The College-Admissions Merit Myth

The system is not about lining people up from best to worst and taking the top ones. It’s more like a lottery, says the sociologist Natasha Warikoo.

Harvard University
Tristan Spinski / NYT / Redux; The Atlantic

Tomorrow, the Supreme Court will hear oral arguments in two cases that could end America’s experiment with affirmative action in higher education. The challenges to the admissions programs at Harvard and at the University of North Carolina at Chapel Hill—both brought by Students for Fair Admissions, a coalition of unnamed students assembled by the conservative legal strategist Edward Blum—argue that the institutions discriminate against Asian American students, and that eliminating the use of race in admissions would fix the problem.

Lower courts have rejected SFFA’s arguments, leaning on more than 40 years of precedent that says the use of race in admissions is permissible in narrow circumstances. “Harvard has demonstrated that no workable and available race-neutral alternatives would allow it to achieve a diverse student body while still maintaining its standards for academic excellence,” Judge Allison Burroughs wrote in her 2019 opinion. But SFFA pressed on, and now the case sits before a conservative Supreme Court that has shown a willingness to overturn well-established precedents.

In her new book, Is Affirmative Action Fair? The Myth of Equity in College Admissions, Natasha Warikoo, a sociologist at Tufts University who has spent years examining race-conscious admissions, assesses the positions of those for and against affirmative action, and argues that we’re asking the wrong questions about how students get into college. By exalting merit, Warikoo warns, Americans have developed a skewed perception of the process—a perception that leads to challenges such as the one before the Court.

I spoke with Warikoo about her book, the Supreme Court hearing, and how we can better understand admissions.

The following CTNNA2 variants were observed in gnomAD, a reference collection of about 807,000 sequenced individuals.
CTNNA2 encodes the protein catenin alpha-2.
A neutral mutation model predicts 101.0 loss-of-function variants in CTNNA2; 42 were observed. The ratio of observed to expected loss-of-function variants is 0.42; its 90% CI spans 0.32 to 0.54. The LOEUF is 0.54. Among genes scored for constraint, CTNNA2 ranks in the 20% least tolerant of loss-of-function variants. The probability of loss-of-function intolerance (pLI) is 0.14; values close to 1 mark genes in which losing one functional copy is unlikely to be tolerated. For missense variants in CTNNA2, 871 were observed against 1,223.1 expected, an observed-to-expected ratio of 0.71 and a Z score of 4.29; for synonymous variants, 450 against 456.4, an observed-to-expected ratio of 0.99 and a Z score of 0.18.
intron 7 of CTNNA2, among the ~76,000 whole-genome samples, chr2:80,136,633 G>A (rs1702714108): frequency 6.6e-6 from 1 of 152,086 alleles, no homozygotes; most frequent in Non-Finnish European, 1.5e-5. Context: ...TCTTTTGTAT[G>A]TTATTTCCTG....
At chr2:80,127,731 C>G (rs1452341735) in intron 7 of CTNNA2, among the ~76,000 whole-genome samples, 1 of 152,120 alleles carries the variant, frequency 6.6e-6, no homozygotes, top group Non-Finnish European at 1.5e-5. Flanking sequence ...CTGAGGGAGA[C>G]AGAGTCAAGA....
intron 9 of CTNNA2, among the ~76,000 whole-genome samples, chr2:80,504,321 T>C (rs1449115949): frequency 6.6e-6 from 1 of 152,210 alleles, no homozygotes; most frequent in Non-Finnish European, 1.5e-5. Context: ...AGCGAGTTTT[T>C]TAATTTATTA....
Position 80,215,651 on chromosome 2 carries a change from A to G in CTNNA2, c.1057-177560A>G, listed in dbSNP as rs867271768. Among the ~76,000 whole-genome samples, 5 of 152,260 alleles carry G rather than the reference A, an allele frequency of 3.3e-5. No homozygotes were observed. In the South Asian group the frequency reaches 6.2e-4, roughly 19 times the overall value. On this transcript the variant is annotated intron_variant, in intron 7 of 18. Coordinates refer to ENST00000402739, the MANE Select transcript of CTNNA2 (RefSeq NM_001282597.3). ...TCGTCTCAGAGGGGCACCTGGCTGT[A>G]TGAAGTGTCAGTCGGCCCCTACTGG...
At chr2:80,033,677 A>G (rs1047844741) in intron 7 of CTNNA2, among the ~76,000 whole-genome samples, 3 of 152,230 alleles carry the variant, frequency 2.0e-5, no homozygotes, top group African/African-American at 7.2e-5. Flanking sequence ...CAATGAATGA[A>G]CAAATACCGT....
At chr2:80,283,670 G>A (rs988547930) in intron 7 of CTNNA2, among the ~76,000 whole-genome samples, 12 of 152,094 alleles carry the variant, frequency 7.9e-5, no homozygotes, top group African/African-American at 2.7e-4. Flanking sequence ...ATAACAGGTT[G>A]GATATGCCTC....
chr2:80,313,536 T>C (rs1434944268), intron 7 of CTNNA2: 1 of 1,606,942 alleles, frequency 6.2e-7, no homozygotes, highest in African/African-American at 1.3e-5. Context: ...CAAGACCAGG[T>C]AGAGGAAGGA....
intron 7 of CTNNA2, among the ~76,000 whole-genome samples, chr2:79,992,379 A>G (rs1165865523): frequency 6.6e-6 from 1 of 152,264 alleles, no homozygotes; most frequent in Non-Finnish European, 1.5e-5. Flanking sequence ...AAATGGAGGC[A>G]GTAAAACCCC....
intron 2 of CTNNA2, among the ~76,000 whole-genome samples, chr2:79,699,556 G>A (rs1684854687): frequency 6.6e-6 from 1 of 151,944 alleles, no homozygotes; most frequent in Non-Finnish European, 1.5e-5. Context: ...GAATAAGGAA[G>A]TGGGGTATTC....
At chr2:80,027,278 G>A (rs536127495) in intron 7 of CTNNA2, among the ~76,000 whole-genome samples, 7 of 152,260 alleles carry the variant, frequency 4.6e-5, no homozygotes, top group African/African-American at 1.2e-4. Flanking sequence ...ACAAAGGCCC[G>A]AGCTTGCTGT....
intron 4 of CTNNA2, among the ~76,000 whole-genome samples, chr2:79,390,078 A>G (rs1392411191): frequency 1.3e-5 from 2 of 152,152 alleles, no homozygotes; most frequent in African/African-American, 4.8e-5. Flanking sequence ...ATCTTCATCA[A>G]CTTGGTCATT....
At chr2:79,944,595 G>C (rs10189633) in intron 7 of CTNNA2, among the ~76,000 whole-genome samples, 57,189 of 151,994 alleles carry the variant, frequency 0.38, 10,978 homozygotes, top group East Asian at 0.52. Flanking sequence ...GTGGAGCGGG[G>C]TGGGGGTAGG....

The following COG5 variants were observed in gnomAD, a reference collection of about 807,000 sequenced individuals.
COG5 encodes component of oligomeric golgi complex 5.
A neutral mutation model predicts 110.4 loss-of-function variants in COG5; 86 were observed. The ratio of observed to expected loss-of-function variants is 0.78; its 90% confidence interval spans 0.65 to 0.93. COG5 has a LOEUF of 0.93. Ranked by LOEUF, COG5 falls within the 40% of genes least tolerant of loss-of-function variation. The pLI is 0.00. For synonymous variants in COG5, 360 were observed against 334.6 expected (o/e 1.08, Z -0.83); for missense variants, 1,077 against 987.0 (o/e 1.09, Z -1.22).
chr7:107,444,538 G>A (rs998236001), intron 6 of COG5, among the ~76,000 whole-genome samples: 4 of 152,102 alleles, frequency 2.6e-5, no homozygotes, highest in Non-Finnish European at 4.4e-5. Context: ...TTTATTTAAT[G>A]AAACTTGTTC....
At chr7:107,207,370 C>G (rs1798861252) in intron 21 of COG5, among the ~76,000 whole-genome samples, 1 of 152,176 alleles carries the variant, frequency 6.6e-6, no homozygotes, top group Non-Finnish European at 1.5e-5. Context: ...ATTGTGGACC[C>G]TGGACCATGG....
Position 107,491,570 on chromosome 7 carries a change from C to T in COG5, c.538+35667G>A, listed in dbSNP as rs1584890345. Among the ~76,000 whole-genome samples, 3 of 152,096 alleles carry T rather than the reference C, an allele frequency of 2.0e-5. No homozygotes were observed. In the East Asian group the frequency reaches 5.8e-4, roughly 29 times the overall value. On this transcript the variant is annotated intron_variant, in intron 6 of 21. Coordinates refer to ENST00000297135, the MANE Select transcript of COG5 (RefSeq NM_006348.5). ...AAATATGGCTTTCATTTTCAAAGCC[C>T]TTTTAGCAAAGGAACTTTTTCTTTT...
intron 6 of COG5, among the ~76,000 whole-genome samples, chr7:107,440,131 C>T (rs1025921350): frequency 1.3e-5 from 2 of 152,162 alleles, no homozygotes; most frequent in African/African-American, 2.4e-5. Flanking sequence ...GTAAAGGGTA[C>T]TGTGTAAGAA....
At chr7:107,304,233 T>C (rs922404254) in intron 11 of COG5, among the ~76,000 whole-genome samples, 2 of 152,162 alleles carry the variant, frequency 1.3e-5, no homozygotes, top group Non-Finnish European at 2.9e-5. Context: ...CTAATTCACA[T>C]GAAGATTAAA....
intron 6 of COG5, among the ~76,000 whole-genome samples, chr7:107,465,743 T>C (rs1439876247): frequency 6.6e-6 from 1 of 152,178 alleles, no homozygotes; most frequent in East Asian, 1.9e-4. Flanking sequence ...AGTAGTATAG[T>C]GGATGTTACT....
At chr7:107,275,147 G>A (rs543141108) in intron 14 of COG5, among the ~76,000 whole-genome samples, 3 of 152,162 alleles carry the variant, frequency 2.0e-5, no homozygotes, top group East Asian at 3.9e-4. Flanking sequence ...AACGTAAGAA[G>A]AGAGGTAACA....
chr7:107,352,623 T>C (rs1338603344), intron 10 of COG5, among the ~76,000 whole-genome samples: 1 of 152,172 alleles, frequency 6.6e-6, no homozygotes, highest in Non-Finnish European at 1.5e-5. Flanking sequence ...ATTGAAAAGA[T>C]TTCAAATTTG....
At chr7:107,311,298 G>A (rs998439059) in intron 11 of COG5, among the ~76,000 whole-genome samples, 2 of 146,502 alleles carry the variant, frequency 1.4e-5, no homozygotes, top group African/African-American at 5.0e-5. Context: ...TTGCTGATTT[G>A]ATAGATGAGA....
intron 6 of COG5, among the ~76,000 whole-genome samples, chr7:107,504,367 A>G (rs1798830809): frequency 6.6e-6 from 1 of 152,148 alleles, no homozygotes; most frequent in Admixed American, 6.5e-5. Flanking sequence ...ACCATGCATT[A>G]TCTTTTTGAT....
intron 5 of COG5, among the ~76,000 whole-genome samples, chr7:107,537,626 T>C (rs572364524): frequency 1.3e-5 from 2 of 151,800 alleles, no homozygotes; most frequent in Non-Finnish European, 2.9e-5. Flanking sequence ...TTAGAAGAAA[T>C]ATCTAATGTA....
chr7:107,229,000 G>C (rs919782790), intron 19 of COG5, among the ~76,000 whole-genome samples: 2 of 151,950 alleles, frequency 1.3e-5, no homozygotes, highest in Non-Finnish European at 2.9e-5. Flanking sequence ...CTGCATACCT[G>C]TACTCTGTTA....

This conversation has been edited for length and clarity.

Adam Harris: You write, “When we recognize the diverse goals that universities attempt to address through college admissions, it becomes clear that admission is not a certification of individual merit, or deservingness, nor was it ever meant to be.” Can you expand on that idea? Where do we have flaws in our understanding of college admissions?

Natasha Warikoo: In the past, it was like “We want to have a bar.” You had to have some demonstration that you could handle the work that we’re going to give you. And some of that was exclusionary. It was like “Can you pass the Latin test?” Well, most schools didn’t teach kids Latin, so it’s not that that was fair—it was “You’re going to be doing Latin; do you know Latin?”

But now, when we’re talking about super-selective places—there are more than 200 of them, so not just the Ivies, but also not most colleges—they have so many different interests that are playing into who they’re admitting. You’ve got the sports coaches who are trying to get their recruits; you’ve got the development office that gives a list and says, “These people have done a lot for this university—make sure you take a close look at that”; there’s the humanities departments who want to make sure there are people interested in the humanities, not just in STEM; the orchestra’s bassoon player may have graduated, and now the orchestra needs a bassoon player. So, there are all these different things that are going on, and the admissions office is trying to fulfill all these different interests and needs.